What's in a precision rifle trigger? There are a lot of great options out there. How do you select the right trigger? When is it time to ditch your current trigger?
To start, let's talk about what the trigger does on a Remington 700. Essentially, the trigger contains surface for the cocking piece to rest against, until the trigger shoe (the part your finger actually pulls on) is pulled to a point where the sear allows the cocking piece to move forward, which is attached to the firing pin, which under compression of the firing pin spring also moves forward and engages/strikes the primer component of the ammunition. Simple right?
A lot of engineering has gone into making the trigger mechanism work with the rifle and and ammunition. One of the awesome aspects of the precision shooters' world today is the massive influx of modular/interchangeable products on the market. With this influx there is a wide array of actions, stocks, barrels, and triggers available "over the counter" for the consumer to buy and assemble wonderfully precise rifles.
But sometimes, not everything goes according to plan. Sometimes actions and triggers have to go back to a manufacturer because they won't function at all together. Sometimes you have to move on from a component that isn't working well with your platform.
We recently had a customer have to do the latter. They had installed a trigger on the Vudoo V22. Initially the V22 was having some ignition issues. After receiving a new firing pin spring from Vudoo, their ignition failures had abated. A few months and several thousand rounds later they decided to try another trigger. They noticed the rifle was actually decocking slightly upon closing the bolt. Doing so meant the firing pin wasn't getting the full measure of the intended firing spring pressure. This may have been the cause of the initial ignition failures and could potentially create precision issues. In the pics below you can see the difference in location of the cocking piece in reference to the bolt shroud. Notice how some of hole is obscured while the bolt is closed.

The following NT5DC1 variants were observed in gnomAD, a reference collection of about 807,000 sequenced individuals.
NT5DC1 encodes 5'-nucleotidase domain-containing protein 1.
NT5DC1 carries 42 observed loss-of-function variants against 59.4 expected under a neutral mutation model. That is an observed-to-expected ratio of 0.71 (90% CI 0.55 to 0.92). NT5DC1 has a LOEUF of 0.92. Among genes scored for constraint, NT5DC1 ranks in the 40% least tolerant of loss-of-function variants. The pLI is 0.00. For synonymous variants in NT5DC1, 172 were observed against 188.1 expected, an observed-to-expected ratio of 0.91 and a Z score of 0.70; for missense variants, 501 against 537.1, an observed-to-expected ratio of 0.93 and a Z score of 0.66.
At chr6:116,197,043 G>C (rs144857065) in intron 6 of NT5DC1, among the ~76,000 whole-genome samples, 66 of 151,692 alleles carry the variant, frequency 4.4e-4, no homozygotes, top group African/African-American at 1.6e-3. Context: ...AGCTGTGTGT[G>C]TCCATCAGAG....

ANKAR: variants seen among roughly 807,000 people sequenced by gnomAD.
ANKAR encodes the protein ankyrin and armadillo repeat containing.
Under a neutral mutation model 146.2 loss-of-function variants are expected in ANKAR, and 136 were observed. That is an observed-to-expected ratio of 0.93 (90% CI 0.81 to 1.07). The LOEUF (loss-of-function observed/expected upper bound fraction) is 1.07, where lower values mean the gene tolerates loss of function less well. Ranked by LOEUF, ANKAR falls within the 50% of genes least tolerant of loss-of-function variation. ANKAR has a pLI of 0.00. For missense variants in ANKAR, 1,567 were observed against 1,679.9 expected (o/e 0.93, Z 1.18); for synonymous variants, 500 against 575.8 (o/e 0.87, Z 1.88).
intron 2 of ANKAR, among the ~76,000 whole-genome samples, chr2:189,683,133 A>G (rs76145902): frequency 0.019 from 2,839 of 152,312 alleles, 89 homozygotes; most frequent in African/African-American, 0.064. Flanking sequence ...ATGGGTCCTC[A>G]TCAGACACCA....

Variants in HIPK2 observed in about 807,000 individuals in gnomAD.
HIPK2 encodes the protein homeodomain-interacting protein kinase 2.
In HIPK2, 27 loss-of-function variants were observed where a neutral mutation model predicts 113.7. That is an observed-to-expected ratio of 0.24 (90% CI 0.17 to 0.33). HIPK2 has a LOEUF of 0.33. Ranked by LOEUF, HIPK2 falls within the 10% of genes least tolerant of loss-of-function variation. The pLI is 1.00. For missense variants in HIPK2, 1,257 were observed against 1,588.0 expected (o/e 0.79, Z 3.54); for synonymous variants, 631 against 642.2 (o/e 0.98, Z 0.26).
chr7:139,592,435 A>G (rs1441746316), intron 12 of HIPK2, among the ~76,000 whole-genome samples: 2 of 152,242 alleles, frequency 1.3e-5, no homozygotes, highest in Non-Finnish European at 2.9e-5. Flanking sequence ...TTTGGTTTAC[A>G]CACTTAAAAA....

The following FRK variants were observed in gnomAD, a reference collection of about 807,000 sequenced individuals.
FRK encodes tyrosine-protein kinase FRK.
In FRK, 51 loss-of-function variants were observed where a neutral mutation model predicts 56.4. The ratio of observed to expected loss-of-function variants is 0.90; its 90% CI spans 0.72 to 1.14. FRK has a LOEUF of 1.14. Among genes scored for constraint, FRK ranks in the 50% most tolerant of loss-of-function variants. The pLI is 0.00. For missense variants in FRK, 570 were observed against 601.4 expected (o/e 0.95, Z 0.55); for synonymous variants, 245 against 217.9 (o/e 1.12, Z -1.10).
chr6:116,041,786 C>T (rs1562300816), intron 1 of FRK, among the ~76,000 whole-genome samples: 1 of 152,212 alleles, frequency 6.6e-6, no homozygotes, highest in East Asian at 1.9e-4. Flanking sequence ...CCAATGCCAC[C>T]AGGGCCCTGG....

It may not seem like a lot, but when measured with a caliper, they were decocking roughly 20% upon closing the bolt. They reached out to us for a trigger suggestion. Knowing it's one of the few triggers with an adjustable sear, I suggested the Bix'n'Andy TacSport series (either standard or pro). Now, I don't know that the adjustable sear would fix this problem BUT it is my go to suggestion when people are having cocking problems with their trigger/action combo. Bix has an adjustable sear AND sells different height top sears. They come with the "medium", you can also purchase a "low" and a "high".
In this particular case, the Bix'n'Andy TacSport Pro was just what was needed. The trigger dropped in with no issues. After adjusting the weight to the preferred setting, and the sear engagement per Bix instructions, the cocking piece was measured again, both opened and closed, and it was found to longer be decocking on close.
Not only was the cocking situation fixed, but the customer noted the bolt opening and closing seemed to be improved a bit.
So, when choosing your rifle components, keep in mind that your trigger is one of the most important components. It not only needs to be agreeable to your trigger finger, it also has to function properly with your cocking piece and bolt work.
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